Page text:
thumbnail Fig. 4.

Cycle–Cycle Mod 2 diagram of V496 UMa for all high-cadence TESS data. Two consecutive cycles are drawn consecutively from the beginning. The color bar shows the flux density. The left panel shows data obtained in sector 15; the right panel shows data obtained in sector 16. All data were folded using the ephemeris given in Eq. (1). The wide white gaps in the two graphs show where TESS did not receive data.

Figure 4 shows a considerable decrease in the overall flux happening between cycles 268–300 and 430–470. The overall light curve shape with two humps remains more or less the same, although there is some suggestion that the second hump is affected more strongly than the first during the overall brightness reductions. To further investigate this behavior, we extracted the brightness of the two humps per cycle. For this, we identified three phase intervals from the phase-folded light curve, 0.92–1.07 for the first hump, 0.36–0.55 for the second hump, and 0.68–0.72 for the faintest part of the light curve, which was used as the base flux or background and subtracted from the integrated flux in the two humps.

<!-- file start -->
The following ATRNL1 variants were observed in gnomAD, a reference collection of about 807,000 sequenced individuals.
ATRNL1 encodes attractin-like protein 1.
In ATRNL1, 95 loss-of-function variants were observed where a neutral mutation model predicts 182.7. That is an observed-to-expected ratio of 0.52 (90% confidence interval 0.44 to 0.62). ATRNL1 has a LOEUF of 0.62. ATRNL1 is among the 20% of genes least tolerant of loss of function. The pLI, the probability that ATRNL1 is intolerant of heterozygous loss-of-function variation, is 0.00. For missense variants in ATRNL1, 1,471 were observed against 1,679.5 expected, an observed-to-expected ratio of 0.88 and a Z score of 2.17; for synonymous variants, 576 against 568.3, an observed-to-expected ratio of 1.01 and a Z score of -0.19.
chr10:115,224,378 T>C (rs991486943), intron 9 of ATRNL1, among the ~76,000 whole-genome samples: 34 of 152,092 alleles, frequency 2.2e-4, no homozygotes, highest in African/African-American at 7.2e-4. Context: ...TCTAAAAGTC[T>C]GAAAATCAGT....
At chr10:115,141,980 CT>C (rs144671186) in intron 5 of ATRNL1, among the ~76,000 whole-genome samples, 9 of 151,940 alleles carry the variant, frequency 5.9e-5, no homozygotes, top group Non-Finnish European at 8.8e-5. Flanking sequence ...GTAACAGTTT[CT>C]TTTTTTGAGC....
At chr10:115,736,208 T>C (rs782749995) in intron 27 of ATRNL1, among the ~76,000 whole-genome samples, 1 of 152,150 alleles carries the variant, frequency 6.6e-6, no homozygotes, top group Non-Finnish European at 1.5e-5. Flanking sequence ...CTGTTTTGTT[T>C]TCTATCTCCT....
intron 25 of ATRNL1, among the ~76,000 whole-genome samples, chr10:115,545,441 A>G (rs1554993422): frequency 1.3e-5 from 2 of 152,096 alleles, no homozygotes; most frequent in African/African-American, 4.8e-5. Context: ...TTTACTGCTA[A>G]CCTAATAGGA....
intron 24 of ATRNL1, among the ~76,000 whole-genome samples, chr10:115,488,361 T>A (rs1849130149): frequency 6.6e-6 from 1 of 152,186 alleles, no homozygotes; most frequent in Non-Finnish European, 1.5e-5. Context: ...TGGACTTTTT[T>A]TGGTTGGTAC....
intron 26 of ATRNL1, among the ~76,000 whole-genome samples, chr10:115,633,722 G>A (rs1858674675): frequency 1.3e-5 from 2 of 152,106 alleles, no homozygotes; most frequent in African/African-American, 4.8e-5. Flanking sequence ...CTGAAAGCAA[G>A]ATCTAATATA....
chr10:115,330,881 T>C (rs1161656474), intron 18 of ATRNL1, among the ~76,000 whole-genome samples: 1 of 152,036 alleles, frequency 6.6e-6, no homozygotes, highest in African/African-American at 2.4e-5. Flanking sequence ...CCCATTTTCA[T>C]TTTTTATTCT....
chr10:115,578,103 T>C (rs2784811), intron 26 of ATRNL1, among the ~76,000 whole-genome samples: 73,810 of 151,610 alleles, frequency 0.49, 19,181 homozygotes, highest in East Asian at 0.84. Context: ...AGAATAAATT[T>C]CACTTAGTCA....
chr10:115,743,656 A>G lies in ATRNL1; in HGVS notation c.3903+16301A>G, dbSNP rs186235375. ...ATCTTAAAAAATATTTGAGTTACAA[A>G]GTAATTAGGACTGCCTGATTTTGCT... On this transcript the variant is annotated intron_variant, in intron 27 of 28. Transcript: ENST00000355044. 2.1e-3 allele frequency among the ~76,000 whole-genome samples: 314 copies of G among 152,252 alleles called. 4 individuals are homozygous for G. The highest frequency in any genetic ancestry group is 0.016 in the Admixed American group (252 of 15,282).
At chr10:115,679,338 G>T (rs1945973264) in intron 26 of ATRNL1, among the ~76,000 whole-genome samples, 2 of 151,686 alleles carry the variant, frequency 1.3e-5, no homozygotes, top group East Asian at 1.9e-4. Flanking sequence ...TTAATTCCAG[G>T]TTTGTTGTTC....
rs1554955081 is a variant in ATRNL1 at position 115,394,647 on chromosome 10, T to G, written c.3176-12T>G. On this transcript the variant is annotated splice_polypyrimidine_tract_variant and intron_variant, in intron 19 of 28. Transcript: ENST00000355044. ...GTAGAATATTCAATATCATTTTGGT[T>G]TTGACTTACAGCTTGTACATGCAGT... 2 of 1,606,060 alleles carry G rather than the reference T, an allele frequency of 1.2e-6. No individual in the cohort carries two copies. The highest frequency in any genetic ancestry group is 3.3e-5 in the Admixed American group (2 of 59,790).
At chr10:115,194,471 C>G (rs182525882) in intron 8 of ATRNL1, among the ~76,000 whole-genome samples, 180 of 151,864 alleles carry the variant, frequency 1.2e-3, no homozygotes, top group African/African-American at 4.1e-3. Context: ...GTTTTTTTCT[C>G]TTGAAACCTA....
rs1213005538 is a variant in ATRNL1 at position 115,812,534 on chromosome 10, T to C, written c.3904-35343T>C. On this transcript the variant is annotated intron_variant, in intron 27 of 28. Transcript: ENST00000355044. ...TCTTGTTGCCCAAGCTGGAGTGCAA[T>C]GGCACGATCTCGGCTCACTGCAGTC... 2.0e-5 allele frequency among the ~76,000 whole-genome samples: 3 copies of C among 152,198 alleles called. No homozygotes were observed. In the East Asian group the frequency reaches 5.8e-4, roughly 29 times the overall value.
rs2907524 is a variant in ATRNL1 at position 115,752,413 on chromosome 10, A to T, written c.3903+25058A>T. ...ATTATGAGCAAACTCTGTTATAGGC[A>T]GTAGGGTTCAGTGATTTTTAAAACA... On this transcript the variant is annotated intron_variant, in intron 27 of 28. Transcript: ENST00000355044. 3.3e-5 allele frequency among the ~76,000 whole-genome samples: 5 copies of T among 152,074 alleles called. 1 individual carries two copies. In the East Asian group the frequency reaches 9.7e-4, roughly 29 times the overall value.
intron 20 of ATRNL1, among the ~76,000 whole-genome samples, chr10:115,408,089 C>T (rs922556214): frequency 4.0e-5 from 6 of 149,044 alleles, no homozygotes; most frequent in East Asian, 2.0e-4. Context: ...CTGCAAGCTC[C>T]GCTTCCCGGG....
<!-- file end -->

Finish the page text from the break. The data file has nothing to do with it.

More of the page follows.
Figure 5 shows the variation of the two related humps in the same cycle, which displays a linear relation. In addition, this linear relationship is parallel to the line where the flux of the two humps is equal. The first hump always has more flux than the second hump and always has positive flux, while the second hump is consistent with zero flux at the lowest levels. The average flux ratio between hump 1 and hump 2 is 1.89.